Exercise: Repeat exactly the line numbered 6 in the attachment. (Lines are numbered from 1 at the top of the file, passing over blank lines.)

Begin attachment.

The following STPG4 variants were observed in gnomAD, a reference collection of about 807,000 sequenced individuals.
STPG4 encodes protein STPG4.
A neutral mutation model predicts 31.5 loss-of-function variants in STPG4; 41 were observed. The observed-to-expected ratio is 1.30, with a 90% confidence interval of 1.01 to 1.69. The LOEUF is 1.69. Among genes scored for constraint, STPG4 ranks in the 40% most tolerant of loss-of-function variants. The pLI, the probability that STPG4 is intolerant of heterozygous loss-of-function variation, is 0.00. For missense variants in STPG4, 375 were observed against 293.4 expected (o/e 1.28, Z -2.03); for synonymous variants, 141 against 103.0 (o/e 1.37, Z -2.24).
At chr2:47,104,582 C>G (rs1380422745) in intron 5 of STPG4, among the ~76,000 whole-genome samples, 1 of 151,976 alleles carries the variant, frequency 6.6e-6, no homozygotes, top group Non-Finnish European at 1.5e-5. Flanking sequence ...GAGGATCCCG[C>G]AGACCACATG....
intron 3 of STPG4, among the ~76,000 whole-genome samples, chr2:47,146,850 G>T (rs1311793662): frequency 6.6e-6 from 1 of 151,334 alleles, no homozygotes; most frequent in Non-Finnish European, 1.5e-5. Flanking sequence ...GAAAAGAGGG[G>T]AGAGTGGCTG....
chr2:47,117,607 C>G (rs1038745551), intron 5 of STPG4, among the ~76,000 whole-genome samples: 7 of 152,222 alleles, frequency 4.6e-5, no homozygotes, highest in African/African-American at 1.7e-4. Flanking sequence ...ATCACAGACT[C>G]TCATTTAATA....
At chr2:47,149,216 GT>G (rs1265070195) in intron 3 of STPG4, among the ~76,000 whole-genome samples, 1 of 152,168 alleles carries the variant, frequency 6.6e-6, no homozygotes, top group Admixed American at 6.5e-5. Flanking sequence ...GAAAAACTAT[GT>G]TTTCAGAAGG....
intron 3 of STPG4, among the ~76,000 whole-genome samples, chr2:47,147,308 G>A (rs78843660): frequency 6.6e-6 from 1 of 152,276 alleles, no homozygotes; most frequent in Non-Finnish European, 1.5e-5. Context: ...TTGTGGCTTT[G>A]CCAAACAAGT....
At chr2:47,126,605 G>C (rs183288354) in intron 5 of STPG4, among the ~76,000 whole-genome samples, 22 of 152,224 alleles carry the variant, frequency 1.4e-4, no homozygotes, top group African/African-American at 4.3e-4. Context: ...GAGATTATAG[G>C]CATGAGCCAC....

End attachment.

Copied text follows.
chr2:47,117,607 C>G (rs1038745551), intron 5 of STPG4, among the ~76,000 whole-genome samples: 7 of 152,222 alleles, frequency 4.6e-5, no homozygotes, highest in African/African-American at 1.7e-4. Flanking sequence ...ATCACAGACT[C>G]TCATTTAATA....